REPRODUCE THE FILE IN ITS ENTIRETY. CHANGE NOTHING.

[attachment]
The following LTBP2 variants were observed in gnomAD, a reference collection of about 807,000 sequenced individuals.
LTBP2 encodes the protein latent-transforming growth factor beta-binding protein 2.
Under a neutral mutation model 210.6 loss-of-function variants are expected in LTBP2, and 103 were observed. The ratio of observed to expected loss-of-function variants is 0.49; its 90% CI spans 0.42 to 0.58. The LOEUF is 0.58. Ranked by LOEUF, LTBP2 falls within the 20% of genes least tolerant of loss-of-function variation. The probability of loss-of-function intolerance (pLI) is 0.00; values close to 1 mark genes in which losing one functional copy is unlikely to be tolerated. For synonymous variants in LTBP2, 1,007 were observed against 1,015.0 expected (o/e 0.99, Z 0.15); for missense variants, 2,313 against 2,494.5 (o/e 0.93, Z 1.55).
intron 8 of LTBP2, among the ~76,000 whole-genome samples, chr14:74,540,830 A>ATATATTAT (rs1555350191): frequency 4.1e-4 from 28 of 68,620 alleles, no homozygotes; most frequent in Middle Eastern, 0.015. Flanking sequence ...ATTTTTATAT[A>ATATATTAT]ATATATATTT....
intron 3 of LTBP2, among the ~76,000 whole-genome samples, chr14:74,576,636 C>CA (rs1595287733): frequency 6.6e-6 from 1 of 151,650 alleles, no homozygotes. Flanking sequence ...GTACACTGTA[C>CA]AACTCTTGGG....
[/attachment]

The following LTBP2 variants were observed in gnomAD, a reference collection of about 807,000 sequenced individuals.
LTBP2 encodes the protein latent-transforming growth factor beta-binding protein 2.
Under a neutral mutation model 210.6 loss-of-function variants are expected in LTBP2, and 103 were observed. The ratio of observed to expected loss-of-function variants is 0.49; its 90% CI spans 0.42 to 0.58. The LOEUF is 0.58. Ranked by LOEUF, LTBP2 falls within the 20% of genes least tolerant of loss-of-function variation. The probability of loss-of-function intolerance (pLI) is 0.00; values close to 1 mark genes in which losing one functional copy is unlikely to be tolerated. For synonymous variants in LTBP2, 1,007 were observed against 1,015.0 expected (o/e 0.99, Z 0.15); for missense variants, 2,313 against 2,494.5 (o/e 0.93, Z 1.55).
intron 8 of LTBP2, among the ~76,000 whole-genome samples, chr14:74,540,830 A>ATATATTAT (rs1555350191): frequency 4.1e-4 from 28 of 68,620 alleles, no homozygotes; most frequent in Middle Eastern, 0.015. Flanking sequence ...ATTTTTATAT[A>ATATATTAT]ATATATATTT....
intron 3 of LTBP2, among the ~76,000 whole-genome samples, chr14:74,576,636 C>CA (rs1595287733): frequency 6.6e-6 from 1 of 151,650 alleles, no homozygotes. Flanking sequence ...GTACACTGTA[C>CA]AACTCTTGGG....